Aleshia and Marcella Fremgen
Aleshia and Marcella both attended Western State College in Gunnison, Colorado where they earned degrees in biology, with an emphasis in fieldwork—in fact, they've just wrapped up a summer at the The Rocky Mountain Biological Laboratory in Gothic! We were very impressed by both the Fremgens' dedication to environmental conservation and stewardship through field-based science and science-based policy. Aleshia is interested in a career in biology, specifically regional ecological policy. Marcella's passion is wildlife conservation. We are thrilled to support them both in pursuit of their dreams.
Tomas was a Biology major at Ft. Lewis College in Durango, Colorado. "Having been raised with Native American traditions, I realize the importance of integrating indigenous knowledge with Western science," Shash writes. He continues: "I intend to work with youth and elders in order to protect and enhance existing ecosystems. Traditional elders have profound knowledge that is in danger of being lost forever. This does not only apply to the physical, natural world, but also to the cultural realm. The youth rarely learn much of their traditions...however, they are the future; only through empowering them by applying traditional knowledge in modern situations can they appreciate its importance in the contemporary world."
Shash has been active in a wide range of on- and off-campus programs, including the President's Advisory Council for Environmental Affairs and as fire chief of the Gardner, Colorado Sundance. He assisted in the construction of an informational display about traditional and contemporary uses for plants of the American Southwest at the Turtle Lake Refuge.
Tyler was a Geological Engineering major at the Colorado School of Mines in Golden, Colorado. After graduating, he worked for an engineering consultancy, with plans to attend graduate school with a focus in river restoration and erosion control. Growing up on the eastern plains of Colorado, Benton has seen firsthand the impacts of land use and good stewardship. "I have learned that the way we manage our resources such as pasture, not only affects whether there will be enough grass for the cattle each season but the health of the entire shortgrass steppe ecosystem. It is important that the relationship between our actions and the resulting effects are understood so that the next generation will have the same opportunity that I enjoy today," Benton writes.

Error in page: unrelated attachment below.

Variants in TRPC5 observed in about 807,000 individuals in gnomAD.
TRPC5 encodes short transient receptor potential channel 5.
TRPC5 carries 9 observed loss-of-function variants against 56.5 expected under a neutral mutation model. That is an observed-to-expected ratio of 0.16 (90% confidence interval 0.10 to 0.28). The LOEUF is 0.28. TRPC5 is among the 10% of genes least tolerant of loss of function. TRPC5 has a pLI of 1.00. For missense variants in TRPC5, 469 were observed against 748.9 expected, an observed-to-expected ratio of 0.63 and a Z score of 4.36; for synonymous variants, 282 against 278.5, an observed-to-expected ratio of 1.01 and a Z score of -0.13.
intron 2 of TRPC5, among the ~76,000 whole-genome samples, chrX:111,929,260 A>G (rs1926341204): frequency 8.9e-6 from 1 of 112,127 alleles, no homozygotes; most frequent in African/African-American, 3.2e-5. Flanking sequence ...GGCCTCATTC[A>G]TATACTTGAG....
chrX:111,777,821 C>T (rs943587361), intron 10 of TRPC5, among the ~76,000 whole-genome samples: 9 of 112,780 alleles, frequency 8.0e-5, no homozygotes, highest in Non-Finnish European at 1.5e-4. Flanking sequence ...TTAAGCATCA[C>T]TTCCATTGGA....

While at Mines, Tyler was active as Chapter President of the Association of Environmental and Engineering Geologists, and completed research for both the Colorado Geological Survey and the Dendrochronology Lab of INSTARR at the University of Colorado
Amy attended Salish Kootenai College in Pablo, Montana majoring in Environmental Science with an emphasis in Wildlife and Fisheries. We chose Amy because of her heartfelt interest in natural resources, her community service and her determination to complete a college degree. She is involved in her community and volunteers in the Tribal environmental education projects. She worked during college summers at the National Bison Range Visitor Center. She is a dedicated to her family and as a mother is instilling her love of natural resources to her young children.
Elizabeth Fortushniak, a senior at Mesa State College, was the first recipient of the David L. Bucknam Memorial Scholarship. Fortushniak was a senior majoring in Environmental Science. She hopes to someday work in the restoration and land management field.
“Fortushniak was chosen because of her experience in working in the out of doors as well as her dedication to her studies and the environment,” said Alan Bucknam, president of the David L. Bucknam Memorial Scholarship. “Her work, both in returning land to beneficial use and in educating others in land restoration techniques shows her commitment to the ideals embodied in the Scholarship.”